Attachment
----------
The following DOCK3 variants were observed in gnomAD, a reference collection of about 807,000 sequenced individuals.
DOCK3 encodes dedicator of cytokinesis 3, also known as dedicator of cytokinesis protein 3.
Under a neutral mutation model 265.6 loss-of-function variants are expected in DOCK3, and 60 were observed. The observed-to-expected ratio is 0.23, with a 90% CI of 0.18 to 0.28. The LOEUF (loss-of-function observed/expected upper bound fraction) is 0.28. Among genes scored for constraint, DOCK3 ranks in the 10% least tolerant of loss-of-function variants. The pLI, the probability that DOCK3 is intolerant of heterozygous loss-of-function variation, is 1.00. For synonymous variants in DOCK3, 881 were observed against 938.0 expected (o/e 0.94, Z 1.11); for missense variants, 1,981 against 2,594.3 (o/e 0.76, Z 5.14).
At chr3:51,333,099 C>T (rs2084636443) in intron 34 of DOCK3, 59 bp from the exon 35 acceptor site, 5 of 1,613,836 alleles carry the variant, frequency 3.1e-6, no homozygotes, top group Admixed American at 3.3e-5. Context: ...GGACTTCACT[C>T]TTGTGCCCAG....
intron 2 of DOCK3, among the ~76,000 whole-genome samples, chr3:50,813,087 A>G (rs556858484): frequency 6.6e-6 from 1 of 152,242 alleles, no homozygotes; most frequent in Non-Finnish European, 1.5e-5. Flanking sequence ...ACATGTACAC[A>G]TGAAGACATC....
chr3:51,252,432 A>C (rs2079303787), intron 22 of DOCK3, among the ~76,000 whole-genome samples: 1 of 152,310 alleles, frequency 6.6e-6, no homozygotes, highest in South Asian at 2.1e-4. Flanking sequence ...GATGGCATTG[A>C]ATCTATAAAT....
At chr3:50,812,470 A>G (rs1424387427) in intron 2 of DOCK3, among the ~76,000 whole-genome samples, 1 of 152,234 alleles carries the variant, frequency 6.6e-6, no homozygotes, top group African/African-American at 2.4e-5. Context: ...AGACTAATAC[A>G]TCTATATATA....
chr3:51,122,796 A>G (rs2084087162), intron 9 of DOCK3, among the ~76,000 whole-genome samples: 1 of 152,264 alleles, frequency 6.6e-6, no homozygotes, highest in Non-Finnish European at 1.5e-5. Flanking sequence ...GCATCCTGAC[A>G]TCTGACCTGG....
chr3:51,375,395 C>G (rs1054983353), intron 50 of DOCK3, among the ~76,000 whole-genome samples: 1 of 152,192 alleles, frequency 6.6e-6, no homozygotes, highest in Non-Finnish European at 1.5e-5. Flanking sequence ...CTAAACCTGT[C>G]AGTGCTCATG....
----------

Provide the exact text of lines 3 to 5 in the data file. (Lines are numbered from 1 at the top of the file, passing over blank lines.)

Under a neutral mutation model 265.6 loss-of-function variants are expected in DOCK3, and 60 were observed. The observed-to-expected ratio is 0.23, with a 90% CI of 0.18 to 0.28. The LOEUF (loss-of-function observed/expected upper bound fraction) is 0.28. Among genes scored for constraint, DOCK3 ranks in the 10% least tolerant of loss-of-function variants. The pLI, the probability that DOCK3 is intolerant of heterozygous loss-of-function variation, is 1.00. For synonymous variants in DOCK3, 881 were observed against 938.0 expected (o/e 0.94, Z 1.11); for missense variants, 1,981 against 2,594.3 (o/e 0.76, Z 5.14).
At chr3:51,333,099 C>T (rs2084636443) in intron 34 of DOCK3, 59 bp from the exon 35 acceptor site, 5 of 1,613,836 alleles carry the variant, frequency 3.1e-6, no homozygotes, top group Admixed American at 3.3e-5. Context: ...GGACTTCACT[C>T]TTGTGCCCAG....
intron 2 of DOCK3, among the ~76,000 whole-genome samples, chr3:50,813,087 A>G (rs556858484): frequency 6.6e-6 from 1 of 152,242 alleles, no homozygotes; most frequent in Non-Finnish European, 1.5e-5. Flanking sequence ...ACATGTACAC[A>G]TGAAGACATC....